The Sixth Gun #2

by Greg McElhatton, Reviewer |

Story by
Cullen Bunn
Art by
Brian Hurtt
Colors by
Brian Hurtt
Letters by
Brian Hurtt
Cover by
Brian Hurtt
Publisher
Oni Press
Cover Price
$3.99 (USD)
Release Date
Jul 14th, 2010

Tue, July 13th, 2010 at 7:26PM (PDT)


Oni Press' first issue of "The Sixth Gun" was given out for free two months ago, as part of Free Comic Book Day. For everyone who missed it, I have good news: I'd have cheerfully paid full price for that first issue, and a second printing (that isn't free) is also shipping this week alongside the second issue. As for this new installment of Cullen Bunn and Brian Hurtt's western-horror-adventure comic? Well, it doesn't waste any time in getting right down to business.

Just like the last issue, "The Sixth Gun" packs a lot into its pages; a formerly dead general chained into his coffin, a cursed gun that gives its wielder visions, a hunter of strange artifacts, and all sorts of spectral creatures. Bunn's story moves quickly, ushering Drake Sinclair and Becky towards each other even as Mrs. Hume and the General also intersect. I'd have expected this meeting of characters to happen much further down the line, and I think that's part of what I like about Bunn's writing on "The Sixth Gun." He's not wasting any time, or padding things out longer than they should go. Instead the book hits the ground running, rising up an army of the undead and culminating in a good old fashioned shootout. Well, one with cursed guns and a rather hellish army of bad guys, that is.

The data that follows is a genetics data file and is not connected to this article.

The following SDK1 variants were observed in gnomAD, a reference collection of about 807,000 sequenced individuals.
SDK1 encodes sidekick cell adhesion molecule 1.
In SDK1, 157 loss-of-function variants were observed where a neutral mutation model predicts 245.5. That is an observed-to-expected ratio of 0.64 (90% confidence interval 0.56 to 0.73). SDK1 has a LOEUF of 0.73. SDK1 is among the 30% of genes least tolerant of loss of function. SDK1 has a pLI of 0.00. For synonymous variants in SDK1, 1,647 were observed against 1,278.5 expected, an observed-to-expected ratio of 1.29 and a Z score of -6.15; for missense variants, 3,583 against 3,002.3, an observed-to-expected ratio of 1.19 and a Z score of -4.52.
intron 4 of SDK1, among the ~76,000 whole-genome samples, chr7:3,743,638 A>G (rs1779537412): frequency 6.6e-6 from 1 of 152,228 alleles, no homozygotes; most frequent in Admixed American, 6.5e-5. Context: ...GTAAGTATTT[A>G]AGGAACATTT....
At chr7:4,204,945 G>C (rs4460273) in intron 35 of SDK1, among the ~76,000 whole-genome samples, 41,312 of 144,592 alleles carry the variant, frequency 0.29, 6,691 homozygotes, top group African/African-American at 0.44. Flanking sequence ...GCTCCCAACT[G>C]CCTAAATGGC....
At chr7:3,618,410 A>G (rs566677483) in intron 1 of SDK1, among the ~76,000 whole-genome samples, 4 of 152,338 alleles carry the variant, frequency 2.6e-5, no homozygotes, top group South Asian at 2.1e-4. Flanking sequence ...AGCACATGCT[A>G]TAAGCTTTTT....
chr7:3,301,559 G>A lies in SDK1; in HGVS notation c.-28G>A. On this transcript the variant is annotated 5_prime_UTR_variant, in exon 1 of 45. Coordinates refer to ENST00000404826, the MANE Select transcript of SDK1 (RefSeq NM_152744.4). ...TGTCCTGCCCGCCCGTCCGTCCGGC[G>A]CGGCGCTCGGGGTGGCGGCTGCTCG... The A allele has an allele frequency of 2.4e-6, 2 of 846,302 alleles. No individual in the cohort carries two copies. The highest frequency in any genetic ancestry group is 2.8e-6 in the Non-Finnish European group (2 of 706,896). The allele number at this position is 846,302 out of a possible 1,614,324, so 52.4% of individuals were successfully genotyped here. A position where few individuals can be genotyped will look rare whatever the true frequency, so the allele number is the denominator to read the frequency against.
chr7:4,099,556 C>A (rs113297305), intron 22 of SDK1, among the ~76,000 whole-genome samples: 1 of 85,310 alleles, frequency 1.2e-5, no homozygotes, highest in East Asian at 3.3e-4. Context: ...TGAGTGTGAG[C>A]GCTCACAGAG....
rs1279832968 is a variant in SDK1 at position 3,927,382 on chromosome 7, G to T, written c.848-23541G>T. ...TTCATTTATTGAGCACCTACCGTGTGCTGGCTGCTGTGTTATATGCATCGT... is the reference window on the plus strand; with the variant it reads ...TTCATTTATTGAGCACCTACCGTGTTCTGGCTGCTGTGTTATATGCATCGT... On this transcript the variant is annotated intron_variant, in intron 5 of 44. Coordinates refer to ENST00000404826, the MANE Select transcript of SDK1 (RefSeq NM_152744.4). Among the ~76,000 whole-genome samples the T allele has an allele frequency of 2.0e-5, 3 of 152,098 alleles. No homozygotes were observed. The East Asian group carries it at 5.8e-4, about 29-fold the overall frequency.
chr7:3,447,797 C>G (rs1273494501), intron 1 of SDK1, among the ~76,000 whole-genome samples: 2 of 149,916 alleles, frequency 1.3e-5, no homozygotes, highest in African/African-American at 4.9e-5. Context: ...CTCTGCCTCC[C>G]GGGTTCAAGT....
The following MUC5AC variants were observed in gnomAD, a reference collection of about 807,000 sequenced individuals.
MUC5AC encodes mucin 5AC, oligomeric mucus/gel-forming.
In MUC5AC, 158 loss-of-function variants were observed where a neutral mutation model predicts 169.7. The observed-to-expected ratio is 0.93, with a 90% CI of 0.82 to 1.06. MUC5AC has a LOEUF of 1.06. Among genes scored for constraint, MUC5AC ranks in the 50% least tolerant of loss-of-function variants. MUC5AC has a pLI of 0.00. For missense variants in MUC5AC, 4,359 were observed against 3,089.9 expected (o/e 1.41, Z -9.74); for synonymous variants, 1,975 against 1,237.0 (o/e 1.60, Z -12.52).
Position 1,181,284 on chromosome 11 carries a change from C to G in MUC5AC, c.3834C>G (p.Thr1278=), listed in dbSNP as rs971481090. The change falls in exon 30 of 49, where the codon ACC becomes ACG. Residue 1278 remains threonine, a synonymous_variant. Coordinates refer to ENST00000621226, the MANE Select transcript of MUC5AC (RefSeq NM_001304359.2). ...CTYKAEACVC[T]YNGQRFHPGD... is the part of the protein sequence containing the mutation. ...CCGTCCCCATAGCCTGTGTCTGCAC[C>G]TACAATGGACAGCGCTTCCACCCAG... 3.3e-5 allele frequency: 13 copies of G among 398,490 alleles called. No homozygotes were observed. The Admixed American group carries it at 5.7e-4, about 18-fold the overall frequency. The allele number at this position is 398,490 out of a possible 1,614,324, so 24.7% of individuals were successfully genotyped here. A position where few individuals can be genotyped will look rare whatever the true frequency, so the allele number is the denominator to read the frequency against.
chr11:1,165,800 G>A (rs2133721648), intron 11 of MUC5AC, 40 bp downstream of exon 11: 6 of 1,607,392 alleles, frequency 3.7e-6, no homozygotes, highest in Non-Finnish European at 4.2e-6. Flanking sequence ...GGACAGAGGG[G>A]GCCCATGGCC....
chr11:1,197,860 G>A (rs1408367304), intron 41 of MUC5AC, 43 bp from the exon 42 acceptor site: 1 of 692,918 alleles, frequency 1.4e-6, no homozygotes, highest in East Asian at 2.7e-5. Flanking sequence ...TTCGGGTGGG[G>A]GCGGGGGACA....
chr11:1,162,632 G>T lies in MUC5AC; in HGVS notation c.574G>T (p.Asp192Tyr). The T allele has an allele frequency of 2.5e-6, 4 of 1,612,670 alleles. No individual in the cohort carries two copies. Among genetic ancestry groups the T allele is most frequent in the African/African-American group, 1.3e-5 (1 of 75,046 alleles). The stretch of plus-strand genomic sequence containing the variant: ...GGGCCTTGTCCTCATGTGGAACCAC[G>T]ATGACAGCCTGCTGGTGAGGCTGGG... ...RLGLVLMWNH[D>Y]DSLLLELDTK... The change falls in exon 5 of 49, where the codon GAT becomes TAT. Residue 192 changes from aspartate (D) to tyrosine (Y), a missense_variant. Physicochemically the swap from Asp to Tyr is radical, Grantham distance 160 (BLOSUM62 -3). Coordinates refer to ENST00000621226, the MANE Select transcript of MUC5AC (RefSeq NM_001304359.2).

Hurtt's art continues to be a knockout as well. I love all of the little touches he brings to the comic, like the red shading that saturates Becky's visions given to her by the Sixth Gun, or the way Mrs. Hume's eyes grow to the size of soup plates when she's excited even as the pupils remain little dots, giving her an eerie look. The character designs in general are great, too; the General could have looked ludicrous chained up in his coffin, but instead Hurtt makes him look fearsome and dangerous despite his lack of mobility. Last but not least, Hurtt's colors pop off the page, accentuating just the right moments and characters while never looking garish or crazy.

The only thing I found myself missing in "The Sixth Gun" #2 is that sense of world building that Bunn and Hurtt gave us in the first issue. There were so many great details embedded throughout that first issue that I miss having those extra pieces of information and a tour of the weird, strange landscape of America that the two created. It's understandable that it's not present this issue, considering how much action and plot development happens, but I do hope we see some more in future issues. Bunn's ideas are so inventive and cool that I'm finding myself antsy for more of them, and soon.

"The Sixth Gun" had a top-notch debut issue, and this follow-up has assured me that it's a series I'll be reading for a good while. If you missed "The Sixth Gun" the first time, this is a rare second chance. Don't let it pass you by, this is great stuff.

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